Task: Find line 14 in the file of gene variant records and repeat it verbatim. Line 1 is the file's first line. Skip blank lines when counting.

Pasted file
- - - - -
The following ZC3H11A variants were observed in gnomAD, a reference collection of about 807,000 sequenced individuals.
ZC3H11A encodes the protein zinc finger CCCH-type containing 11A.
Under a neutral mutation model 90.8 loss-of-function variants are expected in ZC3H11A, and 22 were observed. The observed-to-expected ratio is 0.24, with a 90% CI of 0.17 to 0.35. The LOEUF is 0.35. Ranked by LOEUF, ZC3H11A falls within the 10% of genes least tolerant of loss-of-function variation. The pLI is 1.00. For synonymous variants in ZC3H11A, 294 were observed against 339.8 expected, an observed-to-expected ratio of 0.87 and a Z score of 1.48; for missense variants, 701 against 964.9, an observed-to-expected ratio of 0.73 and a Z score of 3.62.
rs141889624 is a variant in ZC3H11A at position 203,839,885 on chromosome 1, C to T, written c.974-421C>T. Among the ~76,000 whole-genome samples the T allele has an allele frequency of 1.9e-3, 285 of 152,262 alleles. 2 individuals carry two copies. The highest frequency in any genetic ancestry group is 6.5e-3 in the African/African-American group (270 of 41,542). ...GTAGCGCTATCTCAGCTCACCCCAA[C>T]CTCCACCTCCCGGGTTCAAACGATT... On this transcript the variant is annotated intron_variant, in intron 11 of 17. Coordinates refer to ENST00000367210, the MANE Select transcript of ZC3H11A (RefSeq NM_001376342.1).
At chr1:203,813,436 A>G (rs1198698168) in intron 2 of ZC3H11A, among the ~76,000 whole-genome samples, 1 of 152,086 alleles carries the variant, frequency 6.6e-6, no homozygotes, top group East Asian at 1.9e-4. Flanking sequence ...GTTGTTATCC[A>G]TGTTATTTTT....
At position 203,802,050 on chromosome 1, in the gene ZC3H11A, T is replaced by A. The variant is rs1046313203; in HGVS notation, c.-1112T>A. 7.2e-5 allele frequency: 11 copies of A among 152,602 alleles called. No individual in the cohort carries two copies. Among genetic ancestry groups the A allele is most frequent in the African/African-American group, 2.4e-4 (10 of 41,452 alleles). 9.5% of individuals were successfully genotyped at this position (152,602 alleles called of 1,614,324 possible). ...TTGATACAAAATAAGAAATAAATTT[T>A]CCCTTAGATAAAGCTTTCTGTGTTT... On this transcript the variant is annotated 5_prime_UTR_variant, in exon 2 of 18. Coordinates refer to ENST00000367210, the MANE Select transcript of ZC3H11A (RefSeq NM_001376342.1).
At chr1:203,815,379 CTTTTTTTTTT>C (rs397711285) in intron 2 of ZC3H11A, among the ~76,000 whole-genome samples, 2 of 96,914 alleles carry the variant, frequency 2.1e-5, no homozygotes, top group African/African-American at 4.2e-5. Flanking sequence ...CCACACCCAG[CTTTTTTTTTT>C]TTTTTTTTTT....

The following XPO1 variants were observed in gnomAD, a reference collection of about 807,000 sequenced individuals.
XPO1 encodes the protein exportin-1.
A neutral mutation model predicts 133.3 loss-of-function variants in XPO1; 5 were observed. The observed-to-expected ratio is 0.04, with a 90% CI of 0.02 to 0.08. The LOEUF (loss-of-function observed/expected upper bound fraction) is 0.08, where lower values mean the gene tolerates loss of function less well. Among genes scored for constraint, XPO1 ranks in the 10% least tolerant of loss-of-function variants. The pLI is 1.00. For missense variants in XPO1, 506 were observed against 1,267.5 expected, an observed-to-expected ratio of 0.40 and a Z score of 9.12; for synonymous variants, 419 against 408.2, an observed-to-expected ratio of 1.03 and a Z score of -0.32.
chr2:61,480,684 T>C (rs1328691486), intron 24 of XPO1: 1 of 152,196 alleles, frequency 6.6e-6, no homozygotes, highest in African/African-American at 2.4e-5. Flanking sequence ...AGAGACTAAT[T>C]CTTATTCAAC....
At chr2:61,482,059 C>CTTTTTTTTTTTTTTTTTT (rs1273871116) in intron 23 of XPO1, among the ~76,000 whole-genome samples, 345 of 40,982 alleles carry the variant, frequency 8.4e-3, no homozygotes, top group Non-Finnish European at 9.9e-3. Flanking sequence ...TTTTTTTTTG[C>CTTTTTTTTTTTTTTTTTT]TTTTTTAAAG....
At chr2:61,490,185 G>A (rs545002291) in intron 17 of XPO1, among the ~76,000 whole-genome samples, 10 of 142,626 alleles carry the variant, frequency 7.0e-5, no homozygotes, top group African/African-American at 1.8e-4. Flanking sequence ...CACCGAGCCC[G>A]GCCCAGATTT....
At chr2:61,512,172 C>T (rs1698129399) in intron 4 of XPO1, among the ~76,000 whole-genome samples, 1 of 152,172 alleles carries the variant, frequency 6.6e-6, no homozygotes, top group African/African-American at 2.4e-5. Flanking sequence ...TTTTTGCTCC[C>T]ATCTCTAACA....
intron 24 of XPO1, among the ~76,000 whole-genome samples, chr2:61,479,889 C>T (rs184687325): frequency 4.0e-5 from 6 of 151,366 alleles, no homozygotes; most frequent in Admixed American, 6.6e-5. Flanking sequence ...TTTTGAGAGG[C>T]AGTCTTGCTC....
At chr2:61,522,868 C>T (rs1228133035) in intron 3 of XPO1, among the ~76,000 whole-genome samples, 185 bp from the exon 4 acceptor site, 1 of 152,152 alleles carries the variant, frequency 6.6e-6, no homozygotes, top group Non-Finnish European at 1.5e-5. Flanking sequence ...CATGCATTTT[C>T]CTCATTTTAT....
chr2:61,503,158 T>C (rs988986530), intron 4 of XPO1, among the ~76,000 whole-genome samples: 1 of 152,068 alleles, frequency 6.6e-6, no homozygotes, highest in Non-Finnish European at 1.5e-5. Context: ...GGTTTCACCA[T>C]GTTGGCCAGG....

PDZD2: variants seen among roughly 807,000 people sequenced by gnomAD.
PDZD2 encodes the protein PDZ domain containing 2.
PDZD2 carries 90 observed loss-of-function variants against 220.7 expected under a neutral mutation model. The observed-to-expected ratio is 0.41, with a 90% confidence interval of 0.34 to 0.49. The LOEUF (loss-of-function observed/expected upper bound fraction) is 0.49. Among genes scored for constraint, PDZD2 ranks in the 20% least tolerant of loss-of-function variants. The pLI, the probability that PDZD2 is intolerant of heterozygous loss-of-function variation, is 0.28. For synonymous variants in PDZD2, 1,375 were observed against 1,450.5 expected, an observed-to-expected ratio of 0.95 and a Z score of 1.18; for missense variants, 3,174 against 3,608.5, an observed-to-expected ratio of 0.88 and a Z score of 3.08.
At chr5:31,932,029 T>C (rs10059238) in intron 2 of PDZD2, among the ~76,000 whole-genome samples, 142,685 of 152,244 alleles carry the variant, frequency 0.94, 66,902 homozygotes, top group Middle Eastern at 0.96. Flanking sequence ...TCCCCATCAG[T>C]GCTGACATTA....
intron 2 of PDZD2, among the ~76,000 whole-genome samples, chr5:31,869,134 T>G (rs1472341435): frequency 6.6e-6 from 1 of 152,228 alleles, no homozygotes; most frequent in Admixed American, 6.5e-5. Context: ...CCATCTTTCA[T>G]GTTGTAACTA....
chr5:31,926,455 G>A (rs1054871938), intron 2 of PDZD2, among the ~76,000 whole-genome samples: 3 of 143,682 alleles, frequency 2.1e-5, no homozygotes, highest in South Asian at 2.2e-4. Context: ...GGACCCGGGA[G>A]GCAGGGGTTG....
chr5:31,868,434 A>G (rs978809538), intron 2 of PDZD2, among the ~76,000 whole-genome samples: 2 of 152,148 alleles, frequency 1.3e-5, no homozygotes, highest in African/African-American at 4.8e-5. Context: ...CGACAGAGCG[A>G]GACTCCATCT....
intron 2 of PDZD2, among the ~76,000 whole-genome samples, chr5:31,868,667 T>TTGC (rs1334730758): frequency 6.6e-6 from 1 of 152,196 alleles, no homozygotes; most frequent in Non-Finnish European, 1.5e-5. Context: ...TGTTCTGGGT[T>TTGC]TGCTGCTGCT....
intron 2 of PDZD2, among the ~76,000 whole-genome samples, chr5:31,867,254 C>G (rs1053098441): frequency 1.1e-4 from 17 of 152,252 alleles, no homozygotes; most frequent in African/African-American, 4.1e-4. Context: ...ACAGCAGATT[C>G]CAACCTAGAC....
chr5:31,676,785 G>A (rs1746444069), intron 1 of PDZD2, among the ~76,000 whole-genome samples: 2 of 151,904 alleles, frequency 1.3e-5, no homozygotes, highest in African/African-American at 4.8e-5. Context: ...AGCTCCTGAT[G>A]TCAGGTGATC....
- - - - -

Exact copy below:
At chr2:61,512,172 C>T (rs1698129399) in intron 4 of XPO1, among the ~76,000 whole-genome samples, 1 of 152,172 alleles carries the variant, frequency 6.6e-6, no homozygotes, top group African/African-American at 2.4e-5. Flanking sequence ...TTTTTGCTCC[C>T]ATCTCTAACA....